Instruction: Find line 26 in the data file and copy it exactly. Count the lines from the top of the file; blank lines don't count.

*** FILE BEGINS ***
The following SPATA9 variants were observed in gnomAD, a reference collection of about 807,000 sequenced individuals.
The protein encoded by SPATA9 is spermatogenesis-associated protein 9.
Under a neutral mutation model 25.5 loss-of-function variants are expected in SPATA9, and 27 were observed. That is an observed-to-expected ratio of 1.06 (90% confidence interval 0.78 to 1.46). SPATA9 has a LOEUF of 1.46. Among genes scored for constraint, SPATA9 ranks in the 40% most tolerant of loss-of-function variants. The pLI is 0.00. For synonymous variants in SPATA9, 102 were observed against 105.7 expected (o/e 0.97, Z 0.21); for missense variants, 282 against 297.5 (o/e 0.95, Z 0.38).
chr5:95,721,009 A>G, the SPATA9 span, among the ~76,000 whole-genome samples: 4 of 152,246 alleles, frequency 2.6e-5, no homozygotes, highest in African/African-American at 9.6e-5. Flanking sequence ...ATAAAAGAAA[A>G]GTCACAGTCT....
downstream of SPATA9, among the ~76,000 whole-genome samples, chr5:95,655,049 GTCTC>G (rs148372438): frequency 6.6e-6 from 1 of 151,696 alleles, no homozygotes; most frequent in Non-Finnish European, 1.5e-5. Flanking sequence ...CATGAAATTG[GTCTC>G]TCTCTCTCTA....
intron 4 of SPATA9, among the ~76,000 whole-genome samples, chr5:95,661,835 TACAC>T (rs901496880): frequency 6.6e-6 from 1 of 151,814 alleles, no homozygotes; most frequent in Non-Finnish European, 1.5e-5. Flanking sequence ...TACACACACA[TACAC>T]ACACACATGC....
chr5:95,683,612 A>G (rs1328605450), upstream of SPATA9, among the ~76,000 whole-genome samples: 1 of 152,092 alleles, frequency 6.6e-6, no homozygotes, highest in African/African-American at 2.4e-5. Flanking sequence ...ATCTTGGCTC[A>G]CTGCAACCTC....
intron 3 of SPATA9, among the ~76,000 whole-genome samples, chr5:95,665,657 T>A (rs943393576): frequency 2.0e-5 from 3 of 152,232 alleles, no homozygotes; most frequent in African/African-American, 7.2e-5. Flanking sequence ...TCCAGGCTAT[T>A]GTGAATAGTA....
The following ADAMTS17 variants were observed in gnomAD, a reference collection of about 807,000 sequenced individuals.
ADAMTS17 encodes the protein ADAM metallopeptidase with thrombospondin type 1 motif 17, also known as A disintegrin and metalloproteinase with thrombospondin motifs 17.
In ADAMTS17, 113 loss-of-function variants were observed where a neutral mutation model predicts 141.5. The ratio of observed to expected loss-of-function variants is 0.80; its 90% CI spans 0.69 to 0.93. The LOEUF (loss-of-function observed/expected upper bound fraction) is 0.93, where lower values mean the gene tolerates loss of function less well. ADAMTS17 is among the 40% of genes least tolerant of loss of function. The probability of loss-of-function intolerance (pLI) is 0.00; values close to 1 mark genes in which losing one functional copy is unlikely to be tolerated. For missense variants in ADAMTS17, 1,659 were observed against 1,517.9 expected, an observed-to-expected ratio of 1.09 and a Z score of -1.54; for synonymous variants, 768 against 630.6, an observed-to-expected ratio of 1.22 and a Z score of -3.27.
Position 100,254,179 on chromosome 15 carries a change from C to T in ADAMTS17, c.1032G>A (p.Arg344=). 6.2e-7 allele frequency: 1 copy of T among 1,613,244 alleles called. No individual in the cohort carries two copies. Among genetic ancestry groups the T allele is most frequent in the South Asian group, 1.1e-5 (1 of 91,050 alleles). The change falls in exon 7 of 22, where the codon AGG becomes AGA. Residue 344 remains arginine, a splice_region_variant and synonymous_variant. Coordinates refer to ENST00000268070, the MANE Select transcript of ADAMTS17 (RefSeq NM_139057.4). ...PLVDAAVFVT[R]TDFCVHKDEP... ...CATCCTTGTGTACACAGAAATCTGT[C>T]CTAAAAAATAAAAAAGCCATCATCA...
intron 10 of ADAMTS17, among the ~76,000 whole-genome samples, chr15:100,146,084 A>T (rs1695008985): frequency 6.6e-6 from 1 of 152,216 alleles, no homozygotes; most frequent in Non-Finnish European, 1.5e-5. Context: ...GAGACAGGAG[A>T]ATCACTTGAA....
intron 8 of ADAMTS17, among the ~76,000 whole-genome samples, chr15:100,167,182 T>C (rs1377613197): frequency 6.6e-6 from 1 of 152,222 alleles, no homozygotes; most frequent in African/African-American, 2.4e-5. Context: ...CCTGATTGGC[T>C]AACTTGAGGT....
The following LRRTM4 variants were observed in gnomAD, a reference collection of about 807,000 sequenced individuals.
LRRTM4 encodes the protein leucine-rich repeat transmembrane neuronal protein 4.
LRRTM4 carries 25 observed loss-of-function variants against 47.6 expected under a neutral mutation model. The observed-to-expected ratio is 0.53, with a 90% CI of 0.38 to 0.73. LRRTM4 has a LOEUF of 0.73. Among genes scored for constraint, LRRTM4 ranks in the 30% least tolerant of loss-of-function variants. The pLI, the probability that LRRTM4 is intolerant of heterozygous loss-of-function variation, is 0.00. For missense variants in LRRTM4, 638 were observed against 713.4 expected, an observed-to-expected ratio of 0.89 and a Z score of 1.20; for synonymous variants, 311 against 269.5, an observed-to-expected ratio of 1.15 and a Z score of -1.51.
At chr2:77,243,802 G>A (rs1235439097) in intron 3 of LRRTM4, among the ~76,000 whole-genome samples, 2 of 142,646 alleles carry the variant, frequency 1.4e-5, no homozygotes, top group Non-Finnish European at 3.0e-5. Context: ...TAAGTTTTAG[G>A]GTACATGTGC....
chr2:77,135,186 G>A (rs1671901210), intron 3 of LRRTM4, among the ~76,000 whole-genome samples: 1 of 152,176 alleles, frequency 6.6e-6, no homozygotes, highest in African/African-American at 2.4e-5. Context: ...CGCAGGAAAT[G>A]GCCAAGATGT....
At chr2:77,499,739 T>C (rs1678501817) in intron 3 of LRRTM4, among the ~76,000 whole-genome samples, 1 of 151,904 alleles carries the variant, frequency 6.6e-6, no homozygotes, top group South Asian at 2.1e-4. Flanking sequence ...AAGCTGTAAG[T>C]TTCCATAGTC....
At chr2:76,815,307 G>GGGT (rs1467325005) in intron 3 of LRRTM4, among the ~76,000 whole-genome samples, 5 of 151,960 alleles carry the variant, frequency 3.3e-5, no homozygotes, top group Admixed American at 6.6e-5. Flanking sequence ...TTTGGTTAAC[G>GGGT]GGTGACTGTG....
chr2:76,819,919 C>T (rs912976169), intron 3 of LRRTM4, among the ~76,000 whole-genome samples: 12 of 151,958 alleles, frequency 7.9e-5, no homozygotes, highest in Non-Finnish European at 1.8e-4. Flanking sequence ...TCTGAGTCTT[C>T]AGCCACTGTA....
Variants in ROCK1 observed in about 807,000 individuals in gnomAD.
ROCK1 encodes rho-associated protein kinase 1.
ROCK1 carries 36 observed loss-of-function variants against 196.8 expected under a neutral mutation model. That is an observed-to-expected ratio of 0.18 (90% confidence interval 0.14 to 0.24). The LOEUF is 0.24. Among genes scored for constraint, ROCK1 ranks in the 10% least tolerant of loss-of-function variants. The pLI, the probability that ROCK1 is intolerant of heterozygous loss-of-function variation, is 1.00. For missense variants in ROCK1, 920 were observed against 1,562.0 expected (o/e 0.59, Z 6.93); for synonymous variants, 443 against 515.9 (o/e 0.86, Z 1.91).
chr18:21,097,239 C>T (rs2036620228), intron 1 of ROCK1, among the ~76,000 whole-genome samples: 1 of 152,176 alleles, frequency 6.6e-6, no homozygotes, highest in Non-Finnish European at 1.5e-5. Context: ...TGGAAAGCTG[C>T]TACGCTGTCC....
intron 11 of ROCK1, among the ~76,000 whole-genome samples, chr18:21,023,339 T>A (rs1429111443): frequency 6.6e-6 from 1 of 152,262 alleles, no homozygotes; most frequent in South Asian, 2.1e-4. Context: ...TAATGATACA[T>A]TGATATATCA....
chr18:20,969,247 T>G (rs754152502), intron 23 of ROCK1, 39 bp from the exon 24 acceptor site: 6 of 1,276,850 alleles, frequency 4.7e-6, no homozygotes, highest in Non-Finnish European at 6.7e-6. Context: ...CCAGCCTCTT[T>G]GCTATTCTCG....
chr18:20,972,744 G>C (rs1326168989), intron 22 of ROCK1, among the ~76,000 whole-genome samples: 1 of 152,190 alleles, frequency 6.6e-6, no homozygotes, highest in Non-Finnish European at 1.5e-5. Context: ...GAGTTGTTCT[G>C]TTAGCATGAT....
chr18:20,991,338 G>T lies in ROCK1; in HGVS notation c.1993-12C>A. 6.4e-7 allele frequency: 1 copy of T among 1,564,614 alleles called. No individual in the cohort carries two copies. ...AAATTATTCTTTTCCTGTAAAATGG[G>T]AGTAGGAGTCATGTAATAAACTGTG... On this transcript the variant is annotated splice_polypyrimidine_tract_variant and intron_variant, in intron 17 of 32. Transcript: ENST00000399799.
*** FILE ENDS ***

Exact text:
chr18:21,097,239 C>T (rs2036620228), intron 1 of ROCK1, among the ~76,000 whole-genome samples: 1 of 152,176 alleles, frequency 6.6e-6, no homozygotes, highest in Non-Finnish European at 1.5e-5. Context: ...TGGAAAGCTG[C>T]TACGCTGTCC....